The three-time Super Bowl MVP rifled the Pats to a 13-3 record and a Super Bowl berth, no thanks in part to the 31st ranked pass and the 17th ranked rush defenses.
New England's plan to take pressure off of Brady's arm and improve the defense appears to be a trade-off of size for a quicker, more athletic defensive front to battle what is now an aerial attack NFL.
Head coach Bill Belichick first addressed the problem with the Pats first two picks of the 2012 draft: defensive end Chandler Jones out of Syracuse and one of the anchors of Alabama's 2012 national title team in linebacker Dont'a Hightower.
The NFL has become more of a pass oriented league since new rules have limited defensive players and how hard they can hit opposing receivers, making pressuring the quarterback into poor decisions all the more important.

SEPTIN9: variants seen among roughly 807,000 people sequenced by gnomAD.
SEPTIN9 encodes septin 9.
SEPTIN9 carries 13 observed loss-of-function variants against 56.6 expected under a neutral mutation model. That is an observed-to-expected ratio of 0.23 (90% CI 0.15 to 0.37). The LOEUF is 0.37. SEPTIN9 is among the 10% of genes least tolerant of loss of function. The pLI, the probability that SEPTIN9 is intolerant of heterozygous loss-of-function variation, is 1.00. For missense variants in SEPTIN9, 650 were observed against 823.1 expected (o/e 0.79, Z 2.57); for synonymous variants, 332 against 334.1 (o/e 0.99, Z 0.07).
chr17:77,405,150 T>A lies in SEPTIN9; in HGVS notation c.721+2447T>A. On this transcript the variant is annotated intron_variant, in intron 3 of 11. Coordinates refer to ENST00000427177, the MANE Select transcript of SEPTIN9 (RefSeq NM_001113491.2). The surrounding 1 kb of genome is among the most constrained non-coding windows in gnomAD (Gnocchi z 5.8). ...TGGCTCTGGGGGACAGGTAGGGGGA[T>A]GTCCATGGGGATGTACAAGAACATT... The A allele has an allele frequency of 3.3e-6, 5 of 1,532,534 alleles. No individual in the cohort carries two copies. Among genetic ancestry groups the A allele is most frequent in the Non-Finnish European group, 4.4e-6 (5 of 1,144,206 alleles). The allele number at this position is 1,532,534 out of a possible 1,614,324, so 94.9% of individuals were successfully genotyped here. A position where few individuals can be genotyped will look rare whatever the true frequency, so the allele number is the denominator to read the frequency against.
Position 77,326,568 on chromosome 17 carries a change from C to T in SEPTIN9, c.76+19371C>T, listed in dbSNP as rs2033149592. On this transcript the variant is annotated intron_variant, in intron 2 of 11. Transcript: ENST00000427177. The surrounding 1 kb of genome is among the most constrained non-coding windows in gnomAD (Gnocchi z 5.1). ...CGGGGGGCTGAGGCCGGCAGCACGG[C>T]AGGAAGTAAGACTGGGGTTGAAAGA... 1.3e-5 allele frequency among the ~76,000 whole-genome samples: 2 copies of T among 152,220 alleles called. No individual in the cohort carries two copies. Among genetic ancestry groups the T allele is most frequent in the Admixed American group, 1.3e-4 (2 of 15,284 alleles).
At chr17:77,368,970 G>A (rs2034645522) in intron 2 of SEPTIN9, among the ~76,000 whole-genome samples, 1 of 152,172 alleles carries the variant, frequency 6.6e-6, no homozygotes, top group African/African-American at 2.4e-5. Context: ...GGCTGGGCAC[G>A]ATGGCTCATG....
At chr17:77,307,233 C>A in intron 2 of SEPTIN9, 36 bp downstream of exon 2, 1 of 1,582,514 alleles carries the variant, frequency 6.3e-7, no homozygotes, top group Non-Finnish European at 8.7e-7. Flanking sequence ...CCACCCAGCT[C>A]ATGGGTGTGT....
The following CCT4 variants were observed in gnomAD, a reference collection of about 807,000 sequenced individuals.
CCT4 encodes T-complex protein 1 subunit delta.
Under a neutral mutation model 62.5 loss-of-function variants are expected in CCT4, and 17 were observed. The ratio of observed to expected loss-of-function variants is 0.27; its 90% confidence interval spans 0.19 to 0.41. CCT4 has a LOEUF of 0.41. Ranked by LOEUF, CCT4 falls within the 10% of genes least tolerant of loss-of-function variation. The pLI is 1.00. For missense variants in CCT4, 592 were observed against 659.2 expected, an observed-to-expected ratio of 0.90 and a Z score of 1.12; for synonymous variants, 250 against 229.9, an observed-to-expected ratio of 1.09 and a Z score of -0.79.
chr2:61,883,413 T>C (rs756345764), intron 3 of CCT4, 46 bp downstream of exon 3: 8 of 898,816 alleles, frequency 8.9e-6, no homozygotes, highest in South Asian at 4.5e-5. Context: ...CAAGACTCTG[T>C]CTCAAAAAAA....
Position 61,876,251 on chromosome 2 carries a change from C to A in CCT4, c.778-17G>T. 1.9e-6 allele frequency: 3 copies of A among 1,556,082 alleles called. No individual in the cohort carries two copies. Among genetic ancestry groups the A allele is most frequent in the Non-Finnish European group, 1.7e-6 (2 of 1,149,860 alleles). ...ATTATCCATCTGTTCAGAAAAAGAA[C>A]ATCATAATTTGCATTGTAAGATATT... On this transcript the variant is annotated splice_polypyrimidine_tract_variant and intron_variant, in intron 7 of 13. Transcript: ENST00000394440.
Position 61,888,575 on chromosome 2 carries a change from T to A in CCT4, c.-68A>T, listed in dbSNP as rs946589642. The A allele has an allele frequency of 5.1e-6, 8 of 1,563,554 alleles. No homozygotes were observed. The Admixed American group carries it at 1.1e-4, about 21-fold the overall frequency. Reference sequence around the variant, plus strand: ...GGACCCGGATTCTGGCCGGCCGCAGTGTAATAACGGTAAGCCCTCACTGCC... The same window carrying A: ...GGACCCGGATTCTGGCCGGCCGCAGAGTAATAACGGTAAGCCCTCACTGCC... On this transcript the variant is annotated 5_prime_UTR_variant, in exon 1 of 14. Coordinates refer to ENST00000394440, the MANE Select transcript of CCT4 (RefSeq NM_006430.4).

Jones barely tips the scales at 266-pounds but can create leverage with his nearly 6-foot-6 frame. Hightower fills out his 6-foot-2 shell at 265-pounds and can use his speed to come around the edge. Both should help the New England pass attack and add to the speed and nimble footwork of veterans Rob Ninkovich and Jerod Mayo, who led the team with 95 tackles in 2011.
Furthermore, New England inked defensive ends Trevor Scott and Alex Silvestro, and pried Jonathan Fanene from the Cincinnati Bengals in March. Together all three only average about 265-pounds.
This isn't to say the Pats have completely compressed their defensive line. New England still has six players weighing in at plus-300 pounds, such as stalwart defensive tackles Vince Wilfork and Kyle Love.
Compared to their AFC East rival New York Jets, who have seven listed at 300-pounds, New England isn't taking the weight drop too far.
Still shedding some heft will make for a much faster defensive line and take some weight off Brady's arm late in games.